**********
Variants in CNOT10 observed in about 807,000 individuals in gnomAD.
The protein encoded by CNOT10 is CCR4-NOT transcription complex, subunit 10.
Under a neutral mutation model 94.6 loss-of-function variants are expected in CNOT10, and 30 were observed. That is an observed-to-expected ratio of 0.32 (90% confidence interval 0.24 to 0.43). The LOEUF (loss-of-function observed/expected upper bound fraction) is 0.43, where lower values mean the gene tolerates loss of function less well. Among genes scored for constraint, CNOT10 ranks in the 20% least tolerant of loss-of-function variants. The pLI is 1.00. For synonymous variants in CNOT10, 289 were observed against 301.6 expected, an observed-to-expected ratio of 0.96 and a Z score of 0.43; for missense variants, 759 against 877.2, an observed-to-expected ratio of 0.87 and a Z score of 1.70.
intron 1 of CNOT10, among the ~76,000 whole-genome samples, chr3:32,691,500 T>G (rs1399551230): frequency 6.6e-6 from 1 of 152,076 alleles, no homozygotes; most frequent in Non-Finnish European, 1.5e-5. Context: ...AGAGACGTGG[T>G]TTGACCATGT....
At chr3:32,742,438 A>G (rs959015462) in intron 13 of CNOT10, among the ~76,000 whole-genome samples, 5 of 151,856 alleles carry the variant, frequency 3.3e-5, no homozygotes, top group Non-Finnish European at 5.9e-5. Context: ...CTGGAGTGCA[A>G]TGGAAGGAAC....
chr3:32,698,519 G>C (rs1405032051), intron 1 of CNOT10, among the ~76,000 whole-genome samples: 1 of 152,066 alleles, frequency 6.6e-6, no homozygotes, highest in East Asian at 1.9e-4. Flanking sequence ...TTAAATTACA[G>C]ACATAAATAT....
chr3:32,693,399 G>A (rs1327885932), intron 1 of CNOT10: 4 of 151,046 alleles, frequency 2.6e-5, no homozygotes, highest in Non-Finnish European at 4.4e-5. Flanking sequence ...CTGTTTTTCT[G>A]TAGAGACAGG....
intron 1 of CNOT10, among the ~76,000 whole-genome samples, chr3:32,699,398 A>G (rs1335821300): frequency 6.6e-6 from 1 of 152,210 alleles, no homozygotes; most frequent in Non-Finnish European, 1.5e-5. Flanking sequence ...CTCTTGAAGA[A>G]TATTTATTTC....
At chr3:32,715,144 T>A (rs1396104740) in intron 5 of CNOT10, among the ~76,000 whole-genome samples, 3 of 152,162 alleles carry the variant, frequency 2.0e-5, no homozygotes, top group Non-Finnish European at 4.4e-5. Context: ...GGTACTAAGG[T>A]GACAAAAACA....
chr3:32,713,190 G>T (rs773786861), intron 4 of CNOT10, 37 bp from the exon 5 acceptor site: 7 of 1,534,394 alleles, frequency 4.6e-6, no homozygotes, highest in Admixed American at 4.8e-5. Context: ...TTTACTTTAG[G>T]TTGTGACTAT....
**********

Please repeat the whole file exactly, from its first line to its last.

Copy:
Variants in CNOT10 observed in about 807,000 individuals in gnomAD.
The protein encoded by CNOT10 is CCR4-NOT transcription complex, subunit 10.
Under a neutral mutation model 94.6 loss-of-function variants are expected in CNOT10, and 30 were observed. That is an observed-to-expected ratio of 0.32 (90% confidence interval 0.24 to 0.43). The LOEUF (loss-of-function observed/expected upper bound fraction) is 0.43, where lower values mean the gene tolerates loss of function less well. Among genes scored for constraint, CNOT10 ranks in the 20% least tolerant of loss-of-function variants. The pLI is 1.00. For synonymous variants in CNOT10, 289 were observed against 301.6 expected, an observed-to-expected ratio of 0.96 and a Z score of 0.43; for missense variants, 759 against 877.2, an observed-to-expected ratio of 0.87 and a Z score of 1.70.
intron 1 of CNOT10, among the ~76,000 whole-genome samples, chr3:32,691,500 T>G (rs1399551230): frequency 6.6e-6 from 1 of 152,076 alleles, no homozygotes; most frequent in Non-Finnish European, 1.5e-5. Context: ...AGAGACGTGG[T>G]TTGACCATGT....
At chr3:32,742,438 A>G (rs959015462) in intron 13 of CNOT10, among the ~76,000 whole-genome samples, 5 of 151,856 alleles carry the variant, frequency 3.3e-5, no homozygotes, top group Non-Finnish European at 5.9e-5. Context: ...CTGGAGTGCA[A>G]TGGAAGGAAC....
chr3:32,698,519 G>C (rs1405032051), intron 1 of CNOT10, among the ~76,000 whole-genome samples: 1 of 152,066 alleles, frequency 6.6e-6, no homozygotes, highest in East Asian at 1.9e-4. Flanking sequence ...TTAAATTACA[G>C]ACATAAATAT....
chr3:32,693,399 G>A (rs1327885932), intron 1 of CNOT10: 4 of 151,046 alleles, frequency 2.6e-5, no homozygotes, highest in Non-Finnish European at 4.4e-5. Flanking sequence ...CTGTTTTTCT[G>A]TAGAGACAGG....
intron 1 of CNOT10, among the ~76,000 whole-genome samples, chr3:32,699,398 A>G (rs1335821300): frequency 6.6e-6 from 1 of 152,210 alleles, no homozygotes; most frequent in Non-Finnish European, 1.5e-5. Flanking sequence ...CTCTTGAAGA[A>G]TATTTATTTC....
At chr3:32,715,144 T>A (rs1396104740) in intron 5 of CNOT10, among the ~76,000 whole-genome samples, 3 of 152,162 alleles carry the variant, frequency 2.0e-5, no homozygotes, top group Non-Finnish European at 4.4e-5. Context: ...GGTACTAAGG[T>A]GACAAAAACA....
chr3:32,713,190 G>T (rs773786861), intron 4 of CNOT10, 37 bp from the exon 5 acceptor site: 7 of 1,534,394 alleles, frequency 4.6e-6, no homozygotes, highest in Admixed American at 4.8e-5. Context: ...TTTACTTTAG[G>T]TTGTGACTAT....